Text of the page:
Here's what was happening in January 1985: Tram centenary, trading wars in Cleveleys and cowshed classrooms
Some of the stories making the headlines in retro news...
All set for tramway’s big centenary year
Blackpool’s tram centenary was expected to be a huge tourist attraction.
Seven months of celebrations were being lined up to celebrate the occasion.
The highlight was to be centenary day on September 29. A public ceremony in Talbot Square would be followed by a tram calvacade to the Pleasure Beach and back.
Transport manager Derek Hyde said the celebrations had already generated a lot of interest.
“We’ve had a lot of interest from people overseas, various companies are organising trips to Blackpool for it,” he said.
“It should bring quite a lot of trade to the town.”
More than eight million passengers a year were travelling on the trams from Fleetwood to Starr Gate. The system had been in operation constantly since 1885 and was Britain’s oldest surviving electric street tramway.
The centenary celebrations were planned from May to November and attractions included public open days and events, competitions and visits from various historic tramcars.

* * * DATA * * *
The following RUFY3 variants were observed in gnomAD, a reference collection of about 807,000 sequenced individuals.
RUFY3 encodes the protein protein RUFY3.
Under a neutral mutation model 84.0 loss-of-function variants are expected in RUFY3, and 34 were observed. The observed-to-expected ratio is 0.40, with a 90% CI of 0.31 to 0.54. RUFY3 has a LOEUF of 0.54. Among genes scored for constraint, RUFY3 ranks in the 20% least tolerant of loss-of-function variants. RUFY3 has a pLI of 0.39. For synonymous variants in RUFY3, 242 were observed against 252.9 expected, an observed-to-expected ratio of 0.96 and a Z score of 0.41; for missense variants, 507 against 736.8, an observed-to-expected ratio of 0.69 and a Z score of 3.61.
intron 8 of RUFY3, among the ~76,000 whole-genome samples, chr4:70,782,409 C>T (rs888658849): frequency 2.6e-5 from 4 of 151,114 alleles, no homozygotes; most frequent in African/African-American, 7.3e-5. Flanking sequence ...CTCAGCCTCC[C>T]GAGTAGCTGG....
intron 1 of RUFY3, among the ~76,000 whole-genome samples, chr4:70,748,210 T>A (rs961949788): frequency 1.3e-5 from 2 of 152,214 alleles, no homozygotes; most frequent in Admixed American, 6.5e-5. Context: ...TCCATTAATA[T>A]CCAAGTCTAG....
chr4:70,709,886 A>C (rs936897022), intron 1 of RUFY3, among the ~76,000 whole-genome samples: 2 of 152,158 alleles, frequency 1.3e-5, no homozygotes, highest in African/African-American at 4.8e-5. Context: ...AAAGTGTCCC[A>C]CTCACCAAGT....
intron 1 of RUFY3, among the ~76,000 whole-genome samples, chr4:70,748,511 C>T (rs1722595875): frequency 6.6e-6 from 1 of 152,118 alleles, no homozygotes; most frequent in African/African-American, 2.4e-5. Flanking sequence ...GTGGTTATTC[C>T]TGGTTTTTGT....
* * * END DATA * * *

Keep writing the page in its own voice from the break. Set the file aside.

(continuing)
Guided tours of the tram depot were also planned.
‘Cowshed’ school to get new classrooms
The notorious cowshed classrooms at Lytham High School were to be replaced.
The ‘cowsheds’ - so called because of their appalling state - were in a prefabricated temporary building put up 23 years earlier.
They caused a furore when teachers refused to teach in them and headteacher Ross Wells had to send 60 pupils home.
Fylde Council planning committee gave its support to the council’s plans for new temporary buildings on the site, despite some feeling that any replacement should be permenant. Councillor Jean Wilding, who was also a county councillor and spoke up for the school at the county education committee, appealed to the planners not to delay because of the desperate need. The committee reluctantly agreed.”
Greengrocers plight over street trader pinching their business
Cleveleys greengrocers were going bananas over a mobile rival who they claimed, was pinching their trade.
Wyre Council was hoping to ban mobile traders from main shopping centres in the near future in a crackdown on street sellers.
The promise of action, however, didn’t appease greengrocers in Victoria Road West.
They were angry that Andrew Steele, backed by Manpower Service Commission cash, was parking his fruit and vegetable van close by and eating their cash.
He didn’t pay rates while the shop owners were forking out thousands, the traders claim. Cleveleys trade chiefs were backing a van ban for the town centre.
Mrs Betty Whittaker, secretary of Thornton Cleveleys Associatioin of Commerce and Trade, said: “The council should introduce a bylaw. Our shopkeepers pay such heavy rates to the council that they deserve protection.
“Vans have a role to play in outlying districts and on housing estates but not in town centres. Mr Steele is being very cheeky.” Greengrocer Jerry Davis, was blazing at Mr Steele’s presence.
“It’s wrong that someone like this can come along in a van, not pay rates and set up.” Mr Steele said: “I’ve got my licence and there’s nothing to stop me trading.”